This picture showing the flower of Sinningia brasiliensis was taken 22 September 2008 in a greenhouse of the Geneva Botanic Garden in Switzerland. Pretty striking, isn't it? If this plant were easier to grow, it would be very popular.
This is a side view of a flower on the same plant. The spotting, the greenish tinge, the large bell-shaped corolla opening, and the sturdy structure all suggest that this species is pollinated by bats, although I don't know if bats have ever been observed visiting these flowers in the wild.
The first picture shows a flower in the male phase, with the anthers ready to dispense pollen. The second picture shows a flower in the female phase, the the stigma poised to receive pollen from a visitor. Because it was in a greenhouse, the flower was likely to be disappointed, but a passing friendly botanist might do it a favor.
This picture shows a flower on a different plant in the same greenhouse. The flower is the same shape, but about 50% larger, and with no spotting whatsoever, just a greenish shade. It was so dramatic I neglected to ask where it had come from.
Young seedlings of this species are quite distinctive, with the dark leaves having a silvery sheen. As with S. reitzii, the foliage tends to get more ordinary with age.
This plant has proven very difficult for me. Because it is a tall plant, I have always grown it outdoors. One year I had decent flowering, but other years have been a challenge.
In 2008, it had no flowers, and in the autumn was attacked by a mildew-like fungus. In previous years, I had left the tuber in its pot, but in 2008, I bagged the tuber the same way I treated most of my other tubers, in part to try to leave the fungus problem behind. This did not work out well.
Even though the tuber was kept dry all winter, the tuber had begun to rot by the time I opened the bag in March 2009. There was no undamaged part of the tuber, so I had to discard it.
Bagged sinningia tubers sometimes (but rarely) die by drying out. This was the only instance in 2009 where I found that a tuber had rotted in the bag. I don't know whether this was a result of depotting and bagging, or the aftermath of the fungus infection that it suffered in summer and autumn 2008.
Sinningia brasiliensis is an object lesson for all botanists who name plants. Don't name a plant after any area larger than Rhode Island!
Sinningia brasiliensis means "the sinningia that grows in Brazil". Well, duh. First, Brazil is a very big place, and S. brasiliensis grows only in a little part of it. But worse, almost every sinningia species is native only to Brazil. "The sinningia that grows in Brazil" is almost totally useless as a name.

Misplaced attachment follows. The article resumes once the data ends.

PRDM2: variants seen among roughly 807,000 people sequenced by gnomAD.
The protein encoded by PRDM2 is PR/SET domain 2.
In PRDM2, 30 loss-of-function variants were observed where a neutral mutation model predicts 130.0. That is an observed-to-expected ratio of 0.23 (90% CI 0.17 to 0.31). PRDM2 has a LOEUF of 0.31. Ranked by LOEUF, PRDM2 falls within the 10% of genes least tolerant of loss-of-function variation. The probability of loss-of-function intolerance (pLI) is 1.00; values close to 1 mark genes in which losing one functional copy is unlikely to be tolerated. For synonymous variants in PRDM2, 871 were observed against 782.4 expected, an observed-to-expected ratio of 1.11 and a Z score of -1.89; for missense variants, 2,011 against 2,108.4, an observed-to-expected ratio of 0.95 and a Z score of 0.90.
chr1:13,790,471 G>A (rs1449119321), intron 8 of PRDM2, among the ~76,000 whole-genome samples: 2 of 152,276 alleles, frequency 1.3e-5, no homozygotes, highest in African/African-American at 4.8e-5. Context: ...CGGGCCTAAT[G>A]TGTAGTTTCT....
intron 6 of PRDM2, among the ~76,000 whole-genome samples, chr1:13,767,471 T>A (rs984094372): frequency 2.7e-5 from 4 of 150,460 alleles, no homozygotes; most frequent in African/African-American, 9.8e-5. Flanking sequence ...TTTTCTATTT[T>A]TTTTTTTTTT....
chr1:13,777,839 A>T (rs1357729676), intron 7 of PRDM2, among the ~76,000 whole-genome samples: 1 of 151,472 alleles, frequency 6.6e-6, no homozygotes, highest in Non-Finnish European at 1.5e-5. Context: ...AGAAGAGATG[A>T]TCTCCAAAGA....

In mitigation, we can point out two things. The original name was Lietzia brasiliensis, and since there was only one Lietzia species, "the lietzia that grows in Brazil" wasn't ambiguous, even if really really unhelpful. Also, there is a worse gesneriad name. China is even bigger than Brazil, and there are lots of chiritas native to China, so "the chirita that grows in China" -- Chirita sinensis -- is an incredibly dumb name.
So: remember the Rhode Island Rule!
|Habit||Stems upright at first, may sprawl when taller|
|Dormancy||Stems fully deciduous.|
|Inflorescence||Flowers on extended axis|
|Season||Blooms in late summer|
|Hardiness||Has survived 28 F (-2 C) in my yard.|
|Recommended?||Not until I figure out how to grow it in the open. It is a tall plant, unsuitable for indoor cultivation, but may flourish in a greenhouse.|
|Hybrids with this species||See listing.|
|Taxonomic group||The core group of the Corytholoma clade.|
See a picture of S. brasiliensis on Ron Myhr's Gesneriad Reference Web.
Etymology: brasil + -ensis ("resident of").
Publication: Lietzia brasiliensis, by Regel & Schmidt (1880). Wiehler and Chautems transferred this species to Sinningia in the first (and only) issue of Gesneriana, 1995 [see references].
In this article, they noted that several crosses had been made with (then) Lietzia brasiliensis.
Hybrid fertility was measured by HPS (hybrid pollen stainability).